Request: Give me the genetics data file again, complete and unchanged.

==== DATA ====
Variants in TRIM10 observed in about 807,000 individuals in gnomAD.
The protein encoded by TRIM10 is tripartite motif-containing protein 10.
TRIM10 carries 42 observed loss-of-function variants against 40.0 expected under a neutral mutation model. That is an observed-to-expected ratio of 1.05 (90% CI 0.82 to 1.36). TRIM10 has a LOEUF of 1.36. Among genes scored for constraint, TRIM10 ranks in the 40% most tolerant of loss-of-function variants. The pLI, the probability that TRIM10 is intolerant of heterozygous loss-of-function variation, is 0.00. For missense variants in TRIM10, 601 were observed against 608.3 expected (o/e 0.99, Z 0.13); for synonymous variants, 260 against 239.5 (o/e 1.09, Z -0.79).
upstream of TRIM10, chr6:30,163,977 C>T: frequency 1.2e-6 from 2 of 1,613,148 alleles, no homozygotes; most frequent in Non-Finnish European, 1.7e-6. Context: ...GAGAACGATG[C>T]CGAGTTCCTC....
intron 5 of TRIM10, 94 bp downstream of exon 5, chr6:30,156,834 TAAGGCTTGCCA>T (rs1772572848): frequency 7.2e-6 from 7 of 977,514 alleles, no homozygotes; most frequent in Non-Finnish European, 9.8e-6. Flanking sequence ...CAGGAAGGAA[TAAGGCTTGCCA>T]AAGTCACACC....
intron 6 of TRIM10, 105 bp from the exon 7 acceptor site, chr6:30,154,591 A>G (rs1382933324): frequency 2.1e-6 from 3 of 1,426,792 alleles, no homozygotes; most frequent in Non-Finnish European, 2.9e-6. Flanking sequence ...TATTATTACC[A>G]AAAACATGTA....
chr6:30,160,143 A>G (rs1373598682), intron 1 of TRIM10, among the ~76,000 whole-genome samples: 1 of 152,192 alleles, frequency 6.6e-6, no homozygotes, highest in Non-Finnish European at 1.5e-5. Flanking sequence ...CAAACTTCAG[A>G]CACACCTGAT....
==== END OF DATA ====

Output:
Variants in TRIM10 observed in about 807,000 individuals in gnomAD.
The protein encoded by TRIM10 is tripartite motif-containing protein 10.
TRIM10 carries 42 observed loss-of-function variants against 40.0 expected under a neutral mutation model. That is an observed-to-expected ratio of 1.05 (90% CI 0.82 to 1.36). TRIM10 has a LOEUF of 1.36. Among genes scored for constraint, TRIM10 ranks in the 40% most tolerant of loss-of-function variants. The pLI, the probability that TRIM10 is intolerant of heterozygous loss-of-function variation, is 0.00. For missense variants in TRIM10, 601 were observed against 608.3 expected (o/e 0.99, Z 0.13); for synonymous variants, 260 against 239.5 (o/e 1.09, Z -0.79).
upstream of TRIM10, chr6:30,163,977 C>T: frequency 1.2e-6 from 2 of 1,613,148 alleles, no homozygotes; most frequent in Non-Finnish European, 1.7e-6. Context: ...GAGAACGATG[C>T]CGAGTTCCTC....
intron 5 of TRIM10, 94 bp downstream of exon 5, chr6:30,156,834 TAAGGCTTGCCA>T (rs1772572848): frequency 7.2e-6 from 7 of 977,514 alleles, no homozygotes; most frequent in Non-Finnish European, 9.8e-6. Flanking sequence ...CAGGAAGGAA[TAAGGCTTGCCA>T]AAGTCACACC....
intron 6 of TRIM10, 105 bp from the exon 7 acceptor site, chr6:30,154,591 A>G (rs1382933324): frequency 2.1e-6 from 3 of 1,426,792 alleles, no homozygotes; most frequent in Non-Finnish European, 2.9e-6. Flanking sequence ...TATTATTACC[A>G]AAAACATGTA....
chr6:30,160,143 A>G (rs1373598682), intron 1 of TRIM10, among the ~76,000 whole-genome samples: 1 of 152,192 alleles, frequency 6.6e-6, no homozygotes, highest in Non-Finnish European at 1.5e-5. Flanking sequence ...CAAACTTCAG[A>G]CACACCTGAT....